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Photo by Dante Fontana
The fact that the Benevolent and Protective Order of Elks of the United States of America today claims almost one million members and more than 2,000 lodges nationwide, makes its origins as a band of do-gooding Englishman that formed in 1868 as “The Jolly Corks” to raise medical funds for one member’s ailing wife that much more astounding.
Even more so when you consider the scope of what the service-based organization has accomplished since its ragtag inception just three years after the conclusion of the American Civil War.
Locally, Placerville Elks Lodge 1712, which operated in Shingle Springs since 2004, is upholding the organization’s motto – “Elks Care, Elks Share” – in several ways that keep with the group’s overall mission to “inculcate the principles of Charity, Justice, Brotherly Love and Fidelity….” Although every Elks Lodge staunchly defends values of benevolence and patriotism, they also oversee a separate priority project. In El Dorado County, disabled children and military veterans are the beneficiaries of Placerville Elks’ goodwill.
It’s little surprise that Placerville Elks’ has 600 members and that their efforts to help children and honor military vets has and continues to resonate deeply within the community – in general a close-knit, charitably-minded bunch. “They really give back, and really care,” says Kris Thayer, assistant publicity chair of the Placerville Elks Lodge. “If people know we are having a fundraiser, they always come out to help.”
Support comes by way of attendance to the Elks’ affordable bi-weekly taco and pasta nights; its monthly buffet breakfast; an annual “Hoop Shoots” competition; and tireless fund-raising courtesy of raffles, sewing nights, dances, blood drives and countless ancillary events that honor the group’s commitment to providing visual, speech, and physical therapies for children in need. The Elks also sponsor essay contests and scholarship programs for area students, participate with Toys for Tots, support initiatives for a drug-free community, and are closely affiliated with the Boy Scouts and Family Connections’ P.R.I.D.E. & Joy, a program that provides early intervention for children with special needs.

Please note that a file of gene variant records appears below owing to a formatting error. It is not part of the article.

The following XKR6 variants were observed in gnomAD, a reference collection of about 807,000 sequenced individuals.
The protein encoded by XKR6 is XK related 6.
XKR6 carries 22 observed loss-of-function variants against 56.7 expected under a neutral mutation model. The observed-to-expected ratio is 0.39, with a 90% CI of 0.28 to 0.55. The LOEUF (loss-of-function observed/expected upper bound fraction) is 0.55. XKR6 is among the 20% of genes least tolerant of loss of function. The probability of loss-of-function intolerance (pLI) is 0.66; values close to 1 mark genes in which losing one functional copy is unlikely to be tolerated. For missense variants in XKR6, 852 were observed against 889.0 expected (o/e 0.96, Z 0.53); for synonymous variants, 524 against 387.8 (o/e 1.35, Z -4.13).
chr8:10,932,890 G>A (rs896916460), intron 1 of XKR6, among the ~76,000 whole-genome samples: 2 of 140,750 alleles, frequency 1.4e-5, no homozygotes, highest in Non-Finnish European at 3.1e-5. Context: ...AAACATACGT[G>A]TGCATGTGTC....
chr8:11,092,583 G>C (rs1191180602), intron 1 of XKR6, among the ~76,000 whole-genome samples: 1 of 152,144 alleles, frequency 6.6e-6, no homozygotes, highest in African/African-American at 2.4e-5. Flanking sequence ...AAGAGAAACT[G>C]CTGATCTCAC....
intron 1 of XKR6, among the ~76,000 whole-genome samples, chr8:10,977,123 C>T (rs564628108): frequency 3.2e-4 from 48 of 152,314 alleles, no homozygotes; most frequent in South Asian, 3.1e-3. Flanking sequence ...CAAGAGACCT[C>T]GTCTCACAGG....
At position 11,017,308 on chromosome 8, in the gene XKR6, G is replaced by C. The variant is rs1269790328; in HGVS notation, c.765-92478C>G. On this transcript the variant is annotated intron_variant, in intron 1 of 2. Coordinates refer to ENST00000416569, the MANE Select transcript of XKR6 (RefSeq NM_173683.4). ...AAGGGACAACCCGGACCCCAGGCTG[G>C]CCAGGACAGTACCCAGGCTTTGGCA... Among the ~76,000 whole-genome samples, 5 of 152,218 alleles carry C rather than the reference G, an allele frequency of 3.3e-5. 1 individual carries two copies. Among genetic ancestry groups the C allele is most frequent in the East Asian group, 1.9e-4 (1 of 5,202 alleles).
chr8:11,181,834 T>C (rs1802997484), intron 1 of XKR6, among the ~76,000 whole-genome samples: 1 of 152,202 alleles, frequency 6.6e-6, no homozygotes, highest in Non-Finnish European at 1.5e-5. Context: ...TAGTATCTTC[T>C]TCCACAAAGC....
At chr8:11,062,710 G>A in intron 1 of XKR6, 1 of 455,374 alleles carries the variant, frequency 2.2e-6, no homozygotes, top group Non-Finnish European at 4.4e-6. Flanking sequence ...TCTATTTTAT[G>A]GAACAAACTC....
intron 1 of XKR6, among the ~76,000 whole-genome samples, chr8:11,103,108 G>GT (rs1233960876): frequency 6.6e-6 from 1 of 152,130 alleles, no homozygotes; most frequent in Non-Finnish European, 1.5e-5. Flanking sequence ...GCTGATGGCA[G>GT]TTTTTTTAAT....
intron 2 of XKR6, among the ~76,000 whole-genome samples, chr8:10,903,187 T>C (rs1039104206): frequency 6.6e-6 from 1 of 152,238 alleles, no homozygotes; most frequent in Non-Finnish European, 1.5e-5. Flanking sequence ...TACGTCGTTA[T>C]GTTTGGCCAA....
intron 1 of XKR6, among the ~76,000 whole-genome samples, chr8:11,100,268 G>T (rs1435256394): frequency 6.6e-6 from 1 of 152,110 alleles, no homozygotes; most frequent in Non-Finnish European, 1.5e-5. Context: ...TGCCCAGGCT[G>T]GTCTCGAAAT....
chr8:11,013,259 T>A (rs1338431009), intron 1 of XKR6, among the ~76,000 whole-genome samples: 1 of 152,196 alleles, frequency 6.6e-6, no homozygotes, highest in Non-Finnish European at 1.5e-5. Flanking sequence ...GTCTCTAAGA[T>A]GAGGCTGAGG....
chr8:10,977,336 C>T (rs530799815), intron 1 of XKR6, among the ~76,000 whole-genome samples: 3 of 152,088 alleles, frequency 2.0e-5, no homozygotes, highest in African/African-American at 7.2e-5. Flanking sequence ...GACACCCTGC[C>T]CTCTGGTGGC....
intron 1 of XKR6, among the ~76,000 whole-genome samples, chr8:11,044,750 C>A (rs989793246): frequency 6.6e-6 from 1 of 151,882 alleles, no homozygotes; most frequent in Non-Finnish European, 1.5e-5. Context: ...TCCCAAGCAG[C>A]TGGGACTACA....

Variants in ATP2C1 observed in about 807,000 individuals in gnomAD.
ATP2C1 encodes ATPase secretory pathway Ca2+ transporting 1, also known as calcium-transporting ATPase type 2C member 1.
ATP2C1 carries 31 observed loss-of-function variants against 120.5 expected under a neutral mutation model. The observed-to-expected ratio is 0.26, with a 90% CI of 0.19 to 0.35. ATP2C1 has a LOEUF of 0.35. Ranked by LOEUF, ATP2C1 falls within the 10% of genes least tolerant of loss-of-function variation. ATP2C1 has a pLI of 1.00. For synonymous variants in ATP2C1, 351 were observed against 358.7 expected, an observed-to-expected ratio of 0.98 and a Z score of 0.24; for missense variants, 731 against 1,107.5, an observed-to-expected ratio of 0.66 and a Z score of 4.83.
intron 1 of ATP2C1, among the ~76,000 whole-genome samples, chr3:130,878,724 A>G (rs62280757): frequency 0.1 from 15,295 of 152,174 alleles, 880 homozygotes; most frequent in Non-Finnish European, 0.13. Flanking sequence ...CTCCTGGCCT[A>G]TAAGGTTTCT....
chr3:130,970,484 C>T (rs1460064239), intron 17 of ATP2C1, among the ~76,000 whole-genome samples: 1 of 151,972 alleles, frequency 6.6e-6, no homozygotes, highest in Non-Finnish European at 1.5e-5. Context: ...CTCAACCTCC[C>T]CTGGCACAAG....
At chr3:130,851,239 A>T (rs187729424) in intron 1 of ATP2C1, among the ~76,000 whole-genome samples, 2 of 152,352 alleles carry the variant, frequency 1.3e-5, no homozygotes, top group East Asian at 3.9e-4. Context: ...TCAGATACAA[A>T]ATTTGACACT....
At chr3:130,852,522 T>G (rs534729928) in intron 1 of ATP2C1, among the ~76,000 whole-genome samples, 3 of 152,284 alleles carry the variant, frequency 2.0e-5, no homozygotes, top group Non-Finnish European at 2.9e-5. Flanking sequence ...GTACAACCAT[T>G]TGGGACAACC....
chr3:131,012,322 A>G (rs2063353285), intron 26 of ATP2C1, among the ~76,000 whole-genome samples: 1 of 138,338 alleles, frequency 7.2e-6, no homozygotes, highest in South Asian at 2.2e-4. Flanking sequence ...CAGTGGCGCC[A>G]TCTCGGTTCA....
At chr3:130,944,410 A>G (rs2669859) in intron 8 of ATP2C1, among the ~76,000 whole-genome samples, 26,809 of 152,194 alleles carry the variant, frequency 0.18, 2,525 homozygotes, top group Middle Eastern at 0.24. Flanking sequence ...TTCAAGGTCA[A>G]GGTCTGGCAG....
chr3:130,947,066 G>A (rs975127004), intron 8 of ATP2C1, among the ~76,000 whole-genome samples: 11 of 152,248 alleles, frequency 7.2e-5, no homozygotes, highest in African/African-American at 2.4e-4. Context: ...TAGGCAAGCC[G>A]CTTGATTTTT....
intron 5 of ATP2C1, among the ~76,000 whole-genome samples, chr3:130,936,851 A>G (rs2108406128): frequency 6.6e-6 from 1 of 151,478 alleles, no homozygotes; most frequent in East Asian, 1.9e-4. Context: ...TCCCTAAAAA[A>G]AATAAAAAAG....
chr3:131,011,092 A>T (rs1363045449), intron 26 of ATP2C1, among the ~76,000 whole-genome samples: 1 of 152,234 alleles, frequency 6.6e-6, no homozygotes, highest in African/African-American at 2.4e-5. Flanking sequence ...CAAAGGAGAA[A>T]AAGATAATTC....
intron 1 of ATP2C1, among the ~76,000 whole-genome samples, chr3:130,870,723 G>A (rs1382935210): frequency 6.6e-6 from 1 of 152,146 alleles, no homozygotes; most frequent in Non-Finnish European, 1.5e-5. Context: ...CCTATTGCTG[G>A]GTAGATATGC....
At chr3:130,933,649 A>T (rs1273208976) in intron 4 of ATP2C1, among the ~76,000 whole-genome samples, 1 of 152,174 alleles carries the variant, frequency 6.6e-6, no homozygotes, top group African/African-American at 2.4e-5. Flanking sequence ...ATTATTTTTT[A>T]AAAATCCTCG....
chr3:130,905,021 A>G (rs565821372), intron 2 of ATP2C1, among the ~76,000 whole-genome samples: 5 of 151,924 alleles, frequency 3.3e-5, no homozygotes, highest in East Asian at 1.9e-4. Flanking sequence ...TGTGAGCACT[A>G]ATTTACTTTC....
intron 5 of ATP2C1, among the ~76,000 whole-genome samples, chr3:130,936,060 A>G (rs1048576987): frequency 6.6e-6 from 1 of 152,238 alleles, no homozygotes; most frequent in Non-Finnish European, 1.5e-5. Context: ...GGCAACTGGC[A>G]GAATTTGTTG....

“I am very proud of the work we have done on behalf of children, but also the military,” Thayer adds. “We respect the American flag and try very hard to honor our vets, many of who are Elks – a few of our members are retired generals!”
Credit this sense of national and civic pride for the longevity of the Elks, which, second only to the government, is the nation’s largest fundraiser for the causes it champions. The same attributes are also what convince people from all walks of life to join the Elks brotherhood, which for 10 years has also been a sisterhood. Despite the Elks phenomenal growth, they find ways to not only connect with community and cause, but also with members nationwide. Every Lodge, including the one in Shingle Springs – “Where Old Friends Meet New Friends” – offer RV hookups to accommodate extended family.
Placerville Elks Lodge 1712 events are open to the public. To learn more, visit placervilleelks.org.